World Press Freedom Day: A protester in the Slovak capital, Bratislava holds up a picture of murdered journalist Jan Kuciak and his fiancée Martina Kusnirova.
BRATISLAVA, – Sitting in a cafe in the Slovak capital, Bratislava, Zuzana Petkova admits that like many other investigative journalists in the country today, she is scared.
She explains how she and colleagues investigating possible links between the country’s politicians, businessmen and the Italian mafia, have started using special methods to remain as anonymous as possible in their work – encrypting emails, using anonymous communication groups and foregoing bylines, among others.
She recalls how just days before she had been walking down a dimly-lit alley when she heard footsteps behind her and turned to see a man in a hooded top walking towards her. Scared, she froze until he had walked past her and she realized he was just a passerby.
Until a few weeks ago, Petkova, a well-known investigative journalist at the Slovak current affairs and news weekly ‘Trend’, would probably not have paid any attention to the footsteps.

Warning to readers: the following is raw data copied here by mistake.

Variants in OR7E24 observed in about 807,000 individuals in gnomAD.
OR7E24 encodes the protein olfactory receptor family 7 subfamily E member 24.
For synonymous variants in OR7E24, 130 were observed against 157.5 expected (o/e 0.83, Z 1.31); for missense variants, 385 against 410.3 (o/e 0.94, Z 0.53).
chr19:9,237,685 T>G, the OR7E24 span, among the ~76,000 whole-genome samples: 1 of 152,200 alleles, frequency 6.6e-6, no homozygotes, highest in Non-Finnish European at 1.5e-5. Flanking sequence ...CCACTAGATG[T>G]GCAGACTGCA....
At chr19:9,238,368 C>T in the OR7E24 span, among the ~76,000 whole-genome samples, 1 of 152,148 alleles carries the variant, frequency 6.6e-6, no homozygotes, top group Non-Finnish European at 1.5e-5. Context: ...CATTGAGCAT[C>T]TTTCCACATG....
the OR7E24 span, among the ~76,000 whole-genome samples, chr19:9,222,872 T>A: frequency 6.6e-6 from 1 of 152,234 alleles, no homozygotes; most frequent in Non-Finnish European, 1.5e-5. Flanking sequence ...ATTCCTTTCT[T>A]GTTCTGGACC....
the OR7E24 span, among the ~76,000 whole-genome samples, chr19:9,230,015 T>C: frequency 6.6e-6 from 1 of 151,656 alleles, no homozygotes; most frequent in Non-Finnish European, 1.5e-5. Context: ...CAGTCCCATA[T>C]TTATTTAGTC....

A seasoned reporter – “I’ve been through a few things,” she says – she has been taken to court numerous times, had the country’s serious crime squad investigate her, and had anonymous threats made to her in the past. However, she has brushed all these off with little real fear for herself.
But the murder in late February of her some-time colleague Jan Kuciak, and his fiancée, Martina Kusnirova, both 27, at Kuciak’s home in Velka Maca, 40 miles east of Bratislava, changed things.
Across Central Europe, media watchdogs have pointed to an alarming erosion in press freedom in recent years, highlighting how governments in some countries have used legislation, takeovers and shutdowns of media outlets, criminal libel cases, crippling fines and repeated denigration of media and individual journalists to silence critics.